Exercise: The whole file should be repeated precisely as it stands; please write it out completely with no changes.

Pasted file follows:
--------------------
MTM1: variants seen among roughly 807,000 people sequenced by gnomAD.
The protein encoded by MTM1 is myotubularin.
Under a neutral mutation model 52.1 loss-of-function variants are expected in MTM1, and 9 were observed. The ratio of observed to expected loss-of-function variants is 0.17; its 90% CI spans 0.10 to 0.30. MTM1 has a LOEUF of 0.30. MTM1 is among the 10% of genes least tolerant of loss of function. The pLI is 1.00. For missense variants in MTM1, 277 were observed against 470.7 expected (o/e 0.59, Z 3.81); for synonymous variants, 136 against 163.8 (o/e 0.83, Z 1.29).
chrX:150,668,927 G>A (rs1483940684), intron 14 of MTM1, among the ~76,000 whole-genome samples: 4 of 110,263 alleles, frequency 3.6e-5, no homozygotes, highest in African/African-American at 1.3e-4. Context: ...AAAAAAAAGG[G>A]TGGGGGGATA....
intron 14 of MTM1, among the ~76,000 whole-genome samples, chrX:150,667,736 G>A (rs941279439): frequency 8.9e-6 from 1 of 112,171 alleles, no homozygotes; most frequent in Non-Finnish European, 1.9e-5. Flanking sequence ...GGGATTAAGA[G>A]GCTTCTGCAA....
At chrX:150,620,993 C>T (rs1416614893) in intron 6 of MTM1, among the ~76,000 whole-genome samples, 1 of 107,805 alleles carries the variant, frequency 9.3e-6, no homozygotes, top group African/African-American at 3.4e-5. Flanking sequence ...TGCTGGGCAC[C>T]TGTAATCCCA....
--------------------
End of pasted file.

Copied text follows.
MTM1: variants seen among roughly 807,000 people sequenced by gnomAD.
The protein encoded by MTM1 is myotubularin.
Under a neutral mutation model 52.1 loss-of-function variants are expected in MTM1, and 9 were observed. The ratio of observed to expected loss-of-function variants is 0.17; its 90% CI spans 0.10 to 0.30. MTM1 has a LOEUF of 0.30. MTM1 is among the 10% of genes least tolerant of loss of function. The pLI is 1.00. For missense variants in MTM1, 277 were observed against 470.7 expected (o/e 0.59, Z 3.81); for synonymous variants, 136 against 163.8 (o/e 0.83, Z 1.29).
chrX:150,668,927 G>A (rs1483940684), intron 14 of MTM1, among the ~76,000 whole-genome samples: 4 of 110,263 alleles, frequency 3.6e-5, no homozygotes, highest in African/African-American at 1.3e-4. Context: ...AAAAAAAAGG[G>A]TGGGGGGATA....
intron 14 of MTM1, among the ~76,000 whole-genome samples, chrX:150,667,736 G>A (rs941279439): frequency 8.9e-6 from 1 of 112,171 alleles, no homozygotes; most frequent in Non-Finnish European, 1.9e-5. Flanking sequence ...GGGATTAAGA[G>A]GCTTCTGCAA....
At chrX:150,620,993 C>T (rs1416614893) in intron 6 of MTM1, among the ~76,000 whole-genome samples, 1 of 107,805 alleles carries the variant, frequency 9.3e-6, no homozygotes, top group African/African-American at 3.4e-5. Flanking sequence ...TGCTGGGCAC[C>T]TGTAATCCCA....